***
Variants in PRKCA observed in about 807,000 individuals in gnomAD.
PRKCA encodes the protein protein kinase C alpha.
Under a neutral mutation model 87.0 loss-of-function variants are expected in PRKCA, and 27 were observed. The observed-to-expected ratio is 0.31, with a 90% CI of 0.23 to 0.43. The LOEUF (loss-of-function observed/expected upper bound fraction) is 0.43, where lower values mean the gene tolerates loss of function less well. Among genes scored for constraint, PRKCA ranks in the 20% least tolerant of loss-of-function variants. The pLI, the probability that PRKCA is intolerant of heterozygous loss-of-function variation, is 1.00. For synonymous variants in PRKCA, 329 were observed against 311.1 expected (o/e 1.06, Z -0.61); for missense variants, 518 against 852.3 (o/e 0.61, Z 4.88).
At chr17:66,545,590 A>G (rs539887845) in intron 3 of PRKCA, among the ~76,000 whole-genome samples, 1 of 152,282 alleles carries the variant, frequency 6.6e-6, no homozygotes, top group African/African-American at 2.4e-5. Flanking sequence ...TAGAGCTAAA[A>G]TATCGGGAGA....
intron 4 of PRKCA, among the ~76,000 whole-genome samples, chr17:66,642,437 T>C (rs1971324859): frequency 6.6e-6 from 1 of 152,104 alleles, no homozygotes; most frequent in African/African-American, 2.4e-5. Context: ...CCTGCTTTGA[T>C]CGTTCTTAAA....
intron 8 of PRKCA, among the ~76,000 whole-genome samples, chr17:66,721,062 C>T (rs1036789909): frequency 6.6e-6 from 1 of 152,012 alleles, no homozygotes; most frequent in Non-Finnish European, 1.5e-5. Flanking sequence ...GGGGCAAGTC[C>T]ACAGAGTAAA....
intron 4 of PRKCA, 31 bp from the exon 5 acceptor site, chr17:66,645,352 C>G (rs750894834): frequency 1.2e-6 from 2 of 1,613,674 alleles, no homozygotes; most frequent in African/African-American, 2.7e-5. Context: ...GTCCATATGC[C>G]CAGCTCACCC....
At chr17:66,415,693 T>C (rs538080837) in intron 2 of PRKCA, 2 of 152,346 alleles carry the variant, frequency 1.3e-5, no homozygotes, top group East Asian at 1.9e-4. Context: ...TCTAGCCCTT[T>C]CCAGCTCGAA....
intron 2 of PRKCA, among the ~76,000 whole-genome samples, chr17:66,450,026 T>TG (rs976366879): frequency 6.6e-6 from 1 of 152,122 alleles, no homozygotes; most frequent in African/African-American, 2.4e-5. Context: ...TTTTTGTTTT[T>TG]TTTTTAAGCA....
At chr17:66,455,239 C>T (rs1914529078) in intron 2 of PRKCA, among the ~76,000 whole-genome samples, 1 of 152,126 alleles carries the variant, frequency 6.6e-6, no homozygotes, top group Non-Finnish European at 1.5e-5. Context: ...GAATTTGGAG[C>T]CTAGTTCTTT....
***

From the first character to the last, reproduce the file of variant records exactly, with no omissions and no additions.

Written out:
Variants in PRKCA observed in about 807,000 individuals in gnomAD.
PRKCA encodes the protein protein kinase C alpha.
Under a neutral mutation model 87.0 loss-of-function variants are expected in PRKCA, and 27 were observed. The observed-to-expected ratio is 0.31, with a 90% CI of 0.23 to 0.43. The LOEUF (loss-of-function observed/expected upper bound fraction) is 0.43, where lower values mean the gene tolerates loss of function less well. Among genes scored for constraint, PRKCA ranks in the 20% least tolerant of loss-of-function variants. The pLI, the probability that PRKCA is intolerant of heterozygous loss-of-function variation, is 1.00. For synonymous variants in PRKCA, 329 were observed against 311.1 expected (o/e 1.06, Z -0.61); for missense variants, 518 against 852.3 (o/e 0.61, Z 4.88).
At chr17:66,545,590 A>G (rs539887845) in intron 3 of PRKCA, among the ~76,000 whole-genome samples, 1 of 152,282 alleles carries the variant, frequency 6.6e-6, no homozygotes, top group African/African-American at 2.4e-5. Flanking sequence ...TAGAGCTAAA[A>G]TATCGGGAGA....
intron 4 of PRKCA, among the ~76,000 whole-genome samples, chr17:66,642,437 T>C (rs1971324859): frequency 6.6e-6 from 1 of 152,104 alleles, no homozygotes; most frequent in African/African-American, 2.4e-5. Context: ...CCTGCTTTGA[T>C]CGTTCTTAAA....
intron 8 of PRKCA, among the ~76,000 whole-genome samples, chr17:66,721,062 C>T (rs1036789909): frequency 6.6e-6 from 1 of 152,012 alleles, no homozygotes; most frequent in Non-Finnish European, 1.5e-5. Flanking sequence ...GGGGCAAGTC[C>T]ACAGAGTAAA....
intron 4 of PRKCA, 31 bp from the exon 5 acceptor site, chr17:66,645,352 C>G (rs750894834): frequency 1.2e-6 from 2 of 1,613,674 alleles, no homozygotes; most frequent in African/African-American, 2.7e-5. Context: ...GTCCATATGC[C>G]CAGCTCACCC....
At chr17:66,415,693 T>C (rs538080837) in intron 2 of PRKCA, 2 of 152,346 alleles carry the variant, frequency 1.3e-5, no homozygotes, top group East Asian at 1.9e-4. Context: ...TCTAGCCCTT[T>C]CCAGCTCGAA....
intron 2 of PRKCA, among the ~76,000 whole-genome samples, chr17:66,450,026 T>TG (rs976366879): frequency 6.6e-6 from 1 of 152,122 alleles, no homozygotes; most frequent in African/African-American, 2.4e-5. Context: ...TTTTTGTTTT[T>TG]TTTTTAAGCA....
At chr17:66,455,239 C>T (rs1914529078) in intron 2 of PRKCA, among the ~76,000 whole-genome samples, 1 of 152,126 alleles carries the variant, frequency 6.6e-6, no homozygotes, top group Non-Finnish European at 1.5e-5. Context: ...GAATTTGGAG[C>T]CTAGTTCTTT....